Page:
As summer begins to wind down, there are still many highly-anticipated releases waiting in the queue (Earl Sweatshirt! Franz Ferdinand! No Age!). Undoubtedly, Washed Out’s Paracosm is one of these releases, but its entrance has been far quieter than some. Thus far, Ernest Greene has proven well-suited to the genre to which he’s been ascribed– chillwave– because as Washed Out, his sounds are always warm, but never fiery. They evoke that perfect late summer feeling– a gentle afternoon breeze, a drifting, hazy sun– that we’re all going to miss dearly in about two weeks time. But with Paracosm, Washed Out will keep that summer feeling alive well past August, and beyond.
Whereas 2011 debut Within and Without embraced a darker, nighttime-is-the-right-time sort of sound, the vibe on Paracosm is light, airy, and tailor-made for basking in the sun. The album commences via barely-audible synth shimmers, a delicate harp, and chirping birds; “Entrance” later floats into “It All Feels Right,” which couldn’t be a truer statement. On Paracosm, each track drifts gently into the next, like traveling peacefully from dream to dream during an afternoon nap in the shade.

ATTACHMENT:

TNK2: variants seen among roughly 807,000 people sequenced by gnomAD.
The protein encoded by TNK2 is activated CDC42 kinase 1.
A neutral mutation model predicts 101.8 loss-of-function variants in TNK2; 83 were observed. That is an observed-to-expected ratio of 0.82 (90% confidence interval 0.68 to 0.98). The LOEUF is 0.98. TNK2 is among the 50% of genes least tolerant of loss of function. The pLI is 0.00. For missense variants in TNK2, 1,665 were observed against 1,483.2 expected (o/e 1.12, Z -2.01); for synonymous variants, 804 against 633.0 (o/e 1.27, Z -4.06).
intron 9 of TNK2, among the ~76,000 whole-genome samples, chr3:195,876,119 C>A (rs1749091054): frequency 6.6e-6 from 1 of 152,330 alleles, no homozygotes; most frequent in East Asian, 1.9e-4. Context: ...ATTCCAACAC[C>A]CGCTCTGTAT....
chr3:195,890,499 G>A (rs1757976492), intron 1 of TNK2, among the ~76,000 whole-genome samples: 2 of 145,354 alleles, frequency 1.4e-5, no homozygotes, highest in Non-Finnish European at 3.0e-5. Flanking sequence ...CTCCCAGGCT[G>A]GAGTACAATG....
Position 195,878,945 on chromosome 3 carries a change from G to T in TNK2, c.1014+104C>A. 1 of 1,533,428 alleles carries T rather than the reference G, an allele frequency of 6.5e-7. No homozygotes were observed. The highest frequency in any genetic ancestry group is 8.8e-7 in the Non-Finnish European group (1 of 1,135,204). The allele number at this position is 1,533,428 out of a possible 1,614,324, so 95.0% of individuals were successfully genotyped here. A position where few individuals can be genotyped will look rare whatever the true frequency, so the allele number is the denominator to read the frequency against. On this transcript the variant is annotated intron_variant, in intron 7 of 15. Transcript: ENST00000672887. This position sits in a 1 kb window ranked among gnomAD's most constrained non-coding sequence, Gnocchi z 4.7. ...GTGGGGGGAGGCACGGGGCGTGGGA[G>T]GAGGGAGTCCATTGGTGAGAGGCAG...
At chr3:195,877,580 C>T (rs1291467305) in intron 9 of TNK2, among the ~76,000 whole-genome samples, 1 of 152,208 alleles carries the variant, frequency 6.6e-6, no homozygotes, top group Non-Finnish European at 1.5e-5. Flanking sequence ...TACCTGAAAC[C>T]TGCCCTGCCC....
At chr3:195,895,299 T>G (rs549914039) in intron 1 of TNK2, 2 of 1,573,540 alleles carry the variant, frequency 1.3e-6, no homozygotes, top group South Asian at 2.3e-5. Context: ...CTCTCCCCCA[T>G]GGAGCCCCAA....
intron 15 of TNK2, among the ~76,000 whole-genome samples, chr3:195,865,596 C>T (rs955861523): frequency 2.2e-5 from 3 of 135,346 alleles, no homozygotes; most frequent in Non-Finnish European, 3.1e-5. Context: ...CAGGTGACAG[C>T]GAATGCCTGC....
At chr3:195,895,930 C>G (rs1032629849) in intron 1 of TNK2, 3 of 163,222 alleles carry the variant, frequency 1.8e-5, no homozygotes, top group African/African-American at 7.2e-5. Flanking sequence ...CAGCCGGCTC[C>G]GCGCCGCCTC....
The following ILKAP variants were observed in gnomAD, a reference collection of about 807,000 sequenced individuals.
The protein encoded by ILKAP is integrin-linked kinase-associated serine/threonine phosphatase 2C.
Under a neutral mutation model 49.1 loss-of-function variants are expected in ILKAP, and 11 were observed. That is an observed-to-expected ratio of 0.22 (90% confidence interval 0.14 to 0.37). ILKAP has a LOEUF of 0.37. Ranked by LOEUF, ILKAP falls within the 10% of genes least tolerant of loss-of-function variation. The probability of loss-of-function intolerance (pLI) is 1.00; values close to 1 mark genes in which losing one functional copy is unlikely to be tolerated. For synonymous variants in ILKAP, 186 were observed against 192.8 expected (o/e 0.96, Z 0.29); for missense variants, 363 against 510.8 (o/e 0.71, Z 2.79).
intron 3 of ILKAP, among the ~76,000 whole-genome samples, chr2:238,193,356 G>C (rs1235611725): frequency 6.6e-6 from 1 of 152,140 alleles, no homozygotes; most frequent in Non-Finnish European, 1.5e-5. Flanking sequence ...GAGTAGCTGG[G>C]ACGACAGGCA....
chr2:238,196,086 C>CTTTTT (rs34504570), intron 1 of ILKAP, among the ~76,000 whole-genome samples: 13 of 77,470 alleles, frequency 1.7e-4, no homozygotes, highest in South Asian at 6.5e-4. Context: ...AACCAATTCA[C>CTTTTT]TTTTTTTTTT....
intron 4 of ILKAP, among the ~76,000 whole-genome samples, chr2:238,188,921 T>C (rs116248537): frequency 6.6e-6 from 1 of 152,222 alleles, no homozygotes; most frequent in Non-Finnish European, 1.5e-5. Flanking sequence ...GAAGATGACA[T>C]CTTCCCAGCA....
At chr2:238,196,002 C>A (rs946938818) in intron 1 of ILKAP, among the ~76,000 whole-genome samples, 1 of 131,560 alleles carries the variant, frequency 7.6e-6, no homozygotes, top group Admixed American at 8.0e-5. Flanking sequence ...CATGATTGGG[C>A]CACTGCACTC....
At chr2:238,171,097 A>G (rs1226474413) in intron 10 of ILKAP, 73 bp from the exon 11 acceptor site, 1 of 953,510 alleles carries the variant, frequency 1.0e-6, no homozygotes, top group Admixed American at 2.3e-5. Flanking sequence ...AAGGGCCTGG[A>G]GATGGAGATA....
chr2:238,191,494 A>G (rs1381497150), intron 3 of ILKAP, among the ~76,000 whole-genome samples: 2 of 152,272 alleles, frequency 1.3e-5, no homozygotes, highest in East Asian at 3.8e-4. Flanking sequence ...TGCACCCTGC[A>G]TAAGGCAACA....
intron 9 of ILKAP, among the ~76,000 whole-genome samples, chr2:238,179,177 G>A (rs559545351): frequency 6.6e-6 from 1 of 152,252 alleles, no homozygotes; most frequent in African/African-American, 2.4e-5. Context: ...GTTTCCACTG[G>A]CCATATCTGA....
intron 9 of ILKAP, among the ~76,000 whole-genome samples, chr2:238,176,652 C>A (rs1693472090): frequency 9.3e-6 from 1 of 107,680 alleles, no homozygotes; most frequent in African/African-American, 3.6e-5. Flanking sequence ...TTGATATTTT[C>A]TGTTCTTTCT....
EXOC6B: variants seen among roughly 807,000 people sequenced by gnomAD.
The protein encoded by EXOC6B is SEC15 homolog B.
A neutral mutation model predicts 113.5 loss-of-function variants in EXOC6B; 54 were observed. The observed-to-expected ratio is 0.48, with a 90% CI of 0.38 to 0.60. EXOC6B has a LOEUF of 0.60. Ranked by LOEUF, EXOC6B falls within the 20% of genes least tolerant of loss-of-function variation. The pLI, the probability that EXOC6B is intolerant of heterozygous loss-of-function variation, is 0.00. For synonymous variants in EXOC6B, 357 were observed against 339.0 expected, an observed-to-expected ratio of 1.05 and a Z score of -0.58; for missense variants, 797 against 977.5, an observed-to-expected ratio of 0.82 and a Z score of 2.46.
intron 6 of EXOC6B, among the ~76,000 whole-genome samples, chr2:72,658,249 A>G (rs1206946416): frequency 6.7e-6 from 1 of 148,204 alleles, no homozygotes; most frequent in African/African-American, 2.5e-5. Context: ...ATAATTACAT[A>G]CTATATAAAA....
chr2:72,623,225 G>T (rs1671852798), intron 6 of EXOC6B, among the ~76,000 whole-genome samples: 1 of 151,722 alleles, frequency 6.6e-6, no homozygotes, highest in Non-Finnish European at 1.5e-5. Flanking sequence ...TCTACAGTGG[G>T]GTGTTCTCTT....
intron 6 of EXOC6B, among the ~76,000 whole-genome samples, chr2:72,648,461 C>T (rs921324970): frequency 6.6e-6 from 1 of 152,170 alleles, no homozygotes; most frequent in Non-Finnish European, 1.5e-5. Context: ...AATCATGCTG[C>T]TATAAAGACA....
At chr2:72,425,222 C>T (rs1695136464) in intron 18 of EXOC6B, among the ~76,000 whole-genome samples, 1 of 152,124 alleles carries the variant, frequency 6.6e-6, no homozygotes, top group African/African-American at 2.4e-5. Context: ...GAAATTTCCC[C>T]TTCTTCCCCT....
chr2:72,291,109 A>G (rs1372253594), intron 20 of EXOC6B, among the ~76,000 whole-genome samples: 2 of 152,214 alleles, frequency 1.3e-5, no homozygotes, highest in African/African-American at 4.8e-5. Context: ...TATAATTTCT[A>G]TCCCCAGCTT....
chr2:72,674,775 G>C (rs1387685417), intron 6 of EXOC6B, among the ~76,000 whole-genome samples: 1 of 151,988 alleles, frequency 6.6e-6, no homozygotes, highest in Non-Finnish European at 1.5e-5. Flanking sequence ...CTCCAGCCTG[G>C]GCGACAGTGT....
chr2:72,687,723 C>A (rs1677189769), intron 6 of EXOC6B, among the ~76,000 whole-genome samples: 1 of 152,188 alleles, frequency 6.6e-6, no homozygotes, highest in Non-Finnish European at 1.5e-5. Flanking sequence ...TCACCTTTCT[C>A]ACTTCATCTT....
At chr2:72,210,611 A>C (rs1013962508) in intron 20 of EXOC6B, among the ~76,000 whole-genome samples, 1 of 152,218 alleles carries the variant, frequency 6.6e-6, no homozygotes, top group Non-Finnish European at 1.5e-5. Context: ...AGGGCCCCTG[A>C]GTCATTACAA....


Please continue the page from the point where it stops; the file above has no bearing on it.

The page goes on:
Greene’s vocals are enchanting throughout, particularly on “Don’t Give Up,” where his voice is cushioned by layers upon layer of carefully-planned sonic texture. No song on Paracosm ever strays far from the descriptions of “sleepy” or “dreamy,” but “All I Know” comes close; warped, moody, and slightly more upbeat, a driving guitar rhythm helps craft an exciting album standout.
When Paracosm suffers, it’s from lack of diversity, but mostly, the album’s just a glowing example of electro-pop glory. As Greene sings of good vibes and warm, gooey feelings– with an earnestness that keeps the schmaltz to a minimum– you can’t help but ride the wave of emotion right along with him. Paracosm is endless summer in album form; the perfect vessel for keeping all those good feelings afloat.